Tip 197, fabricated of plastic, has a fastener channel 210 through its length. The upper end of tip 197 is threaded to mate with the threaded lower portion 189 of tip adapter 185. The threaded end of tip 197 is inserted through an optional identification band 196, fabricated of aluminum. Identification band 196 can be used, for example, to identify the type of fastener to be employed with this particular combination of tip adapter 185 and/or tip 197. Different types of fasteners can require different sizes and shapes of tip adapters 185 and/or tips 197.

FIG. 3 illustrates a side view of an actuation button 101 of a fastener installation tool, in accordance with one embodiment of the invention. Button 101 comprises a hollow shaft 102 with a central, interior bore 202.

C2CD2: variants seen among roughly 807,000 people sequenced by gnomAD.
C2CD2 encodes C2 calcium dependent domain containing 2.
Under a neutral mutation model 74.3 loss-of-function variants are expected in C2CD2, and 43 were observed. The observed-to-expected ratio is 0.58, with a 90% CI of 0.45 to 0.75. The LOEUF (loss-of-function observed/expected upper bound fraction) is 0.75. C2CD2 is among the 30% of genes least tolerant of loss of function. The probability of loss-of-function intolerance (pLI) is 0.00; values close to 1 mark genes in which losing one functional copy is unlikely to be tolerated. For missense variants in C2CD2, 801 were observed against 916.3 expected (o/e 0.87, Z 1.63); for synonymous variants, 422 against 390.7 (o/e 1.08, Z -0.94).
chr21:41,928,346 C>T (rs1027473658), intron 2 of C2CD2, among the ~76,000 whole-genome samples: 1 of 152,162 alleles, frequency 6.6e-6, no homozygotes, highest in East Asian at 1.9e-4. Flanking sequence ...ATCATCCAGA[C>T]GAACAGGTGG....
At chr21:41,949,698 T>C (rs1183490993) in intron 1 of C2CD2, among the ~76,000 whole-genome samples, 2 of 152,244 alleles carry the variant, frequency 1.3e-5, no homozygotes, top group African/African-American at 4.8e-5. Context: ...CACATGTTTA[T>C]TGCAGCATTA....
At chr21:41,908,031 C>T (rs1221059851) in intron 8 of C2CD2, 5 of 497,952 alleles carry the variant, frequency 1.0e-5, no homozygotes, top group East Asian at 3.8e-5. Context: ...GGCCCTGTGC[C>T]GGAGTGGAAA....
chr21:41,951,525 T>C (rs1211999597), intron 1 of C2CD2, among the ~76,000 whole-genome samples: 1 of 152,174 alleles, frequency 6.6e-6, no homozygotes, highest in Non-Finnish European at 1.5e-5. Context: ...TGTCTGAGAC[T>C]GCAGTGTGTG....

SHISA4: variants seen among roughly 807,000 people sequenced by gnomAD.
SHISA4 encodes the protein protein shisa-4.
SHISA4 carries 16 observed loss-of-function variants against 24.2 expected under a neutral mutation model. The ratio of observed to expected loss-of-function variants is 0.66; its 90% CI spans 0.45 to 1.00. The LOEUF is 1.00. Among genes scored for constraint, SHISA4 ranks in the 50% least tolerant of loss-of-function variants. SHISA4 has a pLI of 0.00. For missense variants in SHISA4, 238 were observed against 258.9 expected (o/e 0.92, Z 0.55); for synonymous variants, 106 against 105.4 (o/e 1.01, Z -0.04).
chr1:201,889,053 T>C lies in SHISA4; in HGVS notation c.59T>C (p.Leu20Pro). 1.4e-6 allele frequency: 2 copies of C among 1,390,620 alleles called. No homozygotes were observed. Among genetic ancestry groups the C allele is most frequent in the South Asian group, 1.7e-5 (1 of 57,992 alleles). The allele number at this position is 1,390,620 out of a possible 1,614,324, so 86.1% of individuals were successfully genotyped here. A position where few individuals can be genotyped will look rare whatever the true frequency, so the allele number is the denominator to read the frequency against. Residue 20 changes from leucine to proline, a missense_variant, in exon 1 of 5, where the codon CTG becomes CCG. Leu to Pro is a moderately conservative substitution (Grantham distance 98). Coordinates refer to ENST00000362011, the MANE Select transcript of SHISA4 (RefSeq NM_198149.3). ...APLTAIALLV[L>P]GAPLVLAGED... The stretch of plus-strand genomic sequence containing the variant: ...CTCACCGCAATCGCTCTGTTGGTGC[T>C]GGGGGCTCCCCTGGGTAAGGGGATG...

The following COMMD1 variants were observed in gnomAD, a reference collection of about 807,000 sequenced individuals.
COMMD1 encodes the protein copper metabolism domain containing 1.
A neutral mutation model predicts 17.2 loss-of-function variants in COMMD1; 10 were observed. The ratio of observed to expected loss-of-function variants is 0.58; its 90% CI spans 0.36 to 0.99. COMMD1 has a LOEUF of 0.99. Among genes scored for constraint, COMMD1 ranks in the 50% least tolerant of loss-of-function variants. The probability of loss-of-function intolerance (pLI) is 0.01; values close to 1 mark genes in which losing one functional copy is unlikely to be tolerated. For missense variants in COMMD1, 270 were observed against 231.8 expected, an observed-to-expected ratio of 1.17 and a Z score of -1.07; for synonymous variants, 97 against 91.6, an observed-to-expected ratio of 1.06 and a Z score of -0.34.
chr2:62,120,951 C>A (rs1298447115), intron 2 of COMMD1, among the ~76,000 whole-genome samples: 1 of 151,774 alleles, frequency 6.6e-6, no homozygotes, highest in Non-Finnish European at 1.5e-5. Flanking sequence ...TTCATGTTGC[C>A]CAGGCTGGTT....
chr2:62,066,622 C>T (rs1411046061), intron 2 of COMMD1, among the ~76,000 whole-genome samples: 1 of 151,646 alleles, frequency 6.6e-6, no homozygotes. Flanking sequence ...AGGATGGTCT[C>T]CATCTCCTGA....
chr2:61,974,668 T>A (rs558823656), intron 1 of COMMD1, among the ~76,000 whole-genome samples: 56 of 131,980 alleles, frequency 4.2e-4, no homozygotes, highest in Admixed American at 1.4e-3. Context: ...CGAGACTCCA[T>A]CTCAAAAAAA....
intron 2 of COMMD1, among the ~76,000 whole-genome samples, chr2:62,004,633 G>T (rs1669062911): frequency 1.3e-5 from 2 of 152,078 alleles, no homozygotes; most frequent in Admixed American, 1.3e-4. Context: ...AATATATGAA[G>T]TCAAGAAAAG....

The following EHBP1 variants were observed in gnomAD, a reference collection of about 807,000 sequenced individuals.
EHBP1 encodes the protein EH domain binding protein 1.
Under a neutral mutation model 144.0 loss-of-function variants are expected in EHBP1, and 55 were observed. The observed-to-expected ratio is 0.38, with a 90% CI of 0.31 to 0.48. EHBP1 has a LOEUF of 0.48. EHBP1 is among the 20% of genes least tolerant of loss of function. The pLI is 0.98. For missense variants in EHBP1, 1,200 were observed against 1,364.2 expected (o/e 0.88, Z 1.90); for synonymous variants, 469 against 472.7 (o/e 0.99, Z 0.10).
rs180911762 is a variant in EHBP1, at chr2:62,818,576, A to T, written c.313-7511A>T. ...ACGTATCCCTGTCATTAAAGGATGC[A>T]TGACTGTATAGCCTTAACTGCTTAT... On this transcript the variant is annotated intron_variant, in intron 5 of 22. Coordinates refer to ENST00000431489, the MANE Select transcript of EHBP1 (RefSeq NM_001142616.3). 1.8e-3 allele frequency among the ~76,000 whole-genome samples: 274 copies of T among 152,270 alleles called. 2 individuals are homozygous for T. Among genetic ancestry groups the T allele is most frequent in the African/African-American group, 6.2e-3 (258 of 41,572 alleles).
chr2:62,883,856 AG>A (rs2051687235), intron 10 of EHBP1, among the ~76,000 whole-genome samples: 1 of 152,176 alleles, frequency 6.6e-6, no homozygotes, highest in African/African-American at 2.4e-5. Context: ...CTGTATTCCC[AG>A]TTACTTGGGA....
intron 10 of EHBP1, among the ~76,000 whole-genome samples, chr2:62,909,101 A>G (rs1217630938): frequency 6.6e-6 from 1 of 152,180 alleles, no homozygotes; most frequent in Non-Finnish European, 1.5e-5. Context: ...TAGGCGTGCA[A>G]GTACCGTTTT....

FIG. 4 illustrates a top view of the actuation button 101 shown in FIG. 3. Button 101 has a pair of cut-away areas 201 to provide access to button assembly bolts 105 (FIG. 2).

FIG. 5 illustrates a top view of a button end cap 104 of a fastener installation tool, in accordance with one embodiment of the invention. Button end cap 104 has a recess 108 in its upper surface and a central, interior bore 205 to a recess 206 in its lower surface.

FIG. 6 illustrates a cross-sectional view of the button end cap 104 shown in FIG. 5 taken along line 203 of FIG. 5. Button end cap 104 has a pair of bolt channels 208, whose upper portions 209 are slightly enlarged to accommodate the heads of button assembly bolts 105 (FIG. 2).

FIG. 7 illustrates a bottom view of the button end cap 104 shown in FIG. 5. A channel 207 is provided in the lower surface of button end cap 104 from the exterior side wall of button end cap 104 to the interior side wall of recess 206.